Inventing a more humane way to scroll.

I consider feeds to be the “operating systems” of this generation — hubs for almost everything the average person will do on a computer.


On “ease-of-use” and accountability in design.

The first question I ask when meeting other designers is how they would define design. Some have asserted that there are no wrong answers to this question. They are wrong.

  1. “Design is making something beautiful”
  2. “Design is making something easy to use.”
  3. “Design is making something beautiful and easy to use.”

Some of you may find this confusing. Because according to the wisdom of Twitter’s top design influencers, design is form and function — how it looks and how it works, right?


A speculative vision of the operating system, driven by humane design principles.

Nine months ago, I set out to invent a new way of interfacing with our devices, armed with only a single metaphor: Mercury.

Mercury, the elemental manifestation of fluid chrome.
Mercury, the Roman deity bridging the boundary between two worlds.
Mercury, the nearest planet to the sun.

Although these versions of Mercury had little to do with interaction design, they perfectly summarized how I wanted the experience of computation to feel. I wanted the experience to feel fluid. I wanted to create something that users could move through without friction or boundaries. …


Why I set out to re-imagine the operating system

Amidst an unstable childhood, my Desktop was my retreat — a place I could find solace and belonging. The Start button was a gateway to opportunity and each Folder a comfortable if imperfect container for my belongings. No matter how overwhelming the outside world became, I knew that my Desktop would stay the same.


Exactly one year ago, I published my Apple Music Case Study on Medium.

Empirical evidence that clickbait titles can still house good content.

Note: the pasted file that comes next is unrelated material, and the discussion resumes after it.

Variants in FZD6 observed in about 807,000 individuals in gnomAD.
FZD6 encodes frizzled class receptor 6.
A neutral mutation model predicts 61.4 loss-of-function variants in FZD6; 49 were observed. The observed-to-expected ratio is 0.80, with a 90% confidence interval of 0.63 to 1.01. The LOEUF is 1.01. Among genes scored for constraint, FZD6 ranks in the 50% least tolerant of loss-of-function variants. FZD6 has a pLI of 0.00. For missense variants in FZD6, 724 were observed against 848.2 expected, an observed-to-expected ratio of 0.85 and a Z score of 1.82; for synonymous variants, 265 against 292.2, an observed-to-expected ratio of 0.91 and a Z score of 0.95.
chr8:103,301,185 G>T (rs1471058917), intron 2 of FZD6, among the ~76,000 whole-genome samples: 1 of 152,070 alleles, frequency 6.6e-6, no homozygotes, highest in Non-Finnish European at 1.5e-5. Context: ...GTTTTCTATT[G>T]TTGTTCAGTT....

I remember trembling with excitement (and a tinge of fear) as I hit the publish button at 8PM. I remember sharing happy tears with those who kept me afloat through ugly tears. I remember waking up at 6 AM the next day to dozens of notifications — and watching that number jump into the hundreds as I waited in line for my usual (large iced Americano with an extra shot) at Coffee Lab.

I remember realizing that my life was about to change.

As I watched my…


To design is to question.

At RISD, our focus has never been on how to create, but why we create. We are trained to be future-facing, to ask how the changes in our world might be observed and developed in order to benefit us all.


I’d like to preface this case study by stating that my intentions behind redesigning Apple Music were in no way driven by indignation or spite.

Earlier this year I applied and interviewed for a graphic design internship at Apple Music (an opportunity of a lifetime), and was turned down with a very kind letter stating that although they liked my work, they wanted to see more growth and training.


Welcome to the NU Brand Bootcamp, a personal project I am undertaking this quarter. Every week, I will explore and redesign a logo of a Northwestern University student organization as a means to grow as a designer and understand what it takes to truly build a brand.


Welcome to the NU Brand Bootcamp, a personal project I am undertaking this quarter. Every week, I will explore and redesign a logo of a Northwestern University student organization as a means to grow as a designer and understand what it takes to truly build a brand.

SHAPE (Sexual Health & Assault Peer Educators)

Mission: “to provide education, organize events, and stimulate discussion and awareness on issues surrounding sexual health and sexual assault”

Brand Evolution:

Jason Yuan

everything sucks; reinvent everything

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